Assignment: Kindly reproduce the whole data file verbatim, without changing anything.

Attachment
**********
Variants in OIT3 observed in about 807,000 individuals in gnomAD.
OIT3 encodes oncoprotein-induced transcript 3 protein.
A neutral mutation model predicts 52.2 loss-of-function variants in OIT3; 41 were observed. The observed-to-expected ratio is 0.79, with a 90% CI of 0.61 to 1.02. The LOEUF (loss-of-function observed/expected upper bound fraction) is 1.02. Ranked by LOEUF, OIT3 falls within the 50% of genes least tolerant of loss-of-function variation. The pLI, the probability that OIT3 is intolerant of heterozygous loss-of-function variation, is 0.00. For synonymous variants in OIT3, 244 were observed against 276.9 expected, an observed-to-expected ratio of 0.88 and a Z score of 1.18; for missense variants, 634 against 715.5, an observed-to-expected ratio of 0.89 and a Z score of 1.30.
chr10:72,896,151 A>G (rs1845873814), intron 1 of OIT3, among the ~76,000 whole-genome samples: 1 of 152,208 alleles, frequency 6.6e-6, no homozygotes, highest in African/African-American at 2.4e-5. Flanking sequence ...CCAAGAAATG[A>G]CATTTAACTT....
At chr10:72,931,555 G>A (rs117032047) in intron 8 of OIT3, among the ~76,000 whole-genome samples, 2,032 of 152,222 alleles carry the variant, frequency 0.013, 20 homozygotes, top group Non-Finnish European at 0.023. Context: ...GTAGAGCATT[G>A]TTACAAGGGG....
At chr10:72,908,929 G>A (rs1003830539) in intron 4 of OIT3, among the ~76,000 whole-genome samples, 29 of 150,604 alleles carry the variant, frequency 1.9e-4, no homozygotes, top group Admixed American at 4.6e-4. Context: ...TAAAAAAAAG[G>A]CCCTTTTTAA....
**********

Variants in OIT3 observed in about 807,000 individuals in gnomAD.
OIT3 encodes oncoprotein-induced transcript 3 protein.
A neutral mutation model predicts 52.2 loss-of-function variants in OIT3; 41 were observed. The observed-to-expected ratio is 0.79, with a 90% CI of 0.61 to 1.02. The LOEUF (loss-of-function observed/expected upper bound fraction) is 1.02. Ranked by LOEUF, OIT3 falls within the 50% of genes least tolerant of loss-of-function variation. The pLI, the probability that OIT3 is intolerant of heterozygous loss-of-function variation, is 0.00. For synonymous variants in OIT3, 244 were observed against 276.9 expected, an observed-to-expected ratio of 0.88 and a Z score of 1.18; for missense variants, 634 against 715.5, an observed-to-expected ratio of 0.89 and a Z score of 1.30.
chr10:72,896,151 A>G (rs1845873814), intron 1 of OIT3, among the ~76,000 whole-genome samples: 1 of 152,208 alleles, frequency 6.6e-6, no homozygotes, highest in African/African-American at 2.4e-5. Flanking sequence ...CCAAGAAATG[A>G]CATTTAACTT....
At chr10:72,931,555 G>A (rs117032047) in intron 8 of OIT3, among the ~76,000 whole-genome samples, 2,032 of 152,222 alleles carry the variant, frequency 0.013, 20 homozygotes, top group Non-Finnish European at 0.023. Context: ...GTAGAGCATT[G>A]TTACAAGGGG....
At chr10:72,908,929 G>A (rs1003830539) in intron 4 of OIT3, among the ~76,000 whole-genome samples, 29 of 150,604 alleles carry the variant, frequency 1.9e-4, no homozygotes, top group Admixed American at 4.6e-4. Context: ...TAAAAAAAAG[G>A]CCCTTTTTAA....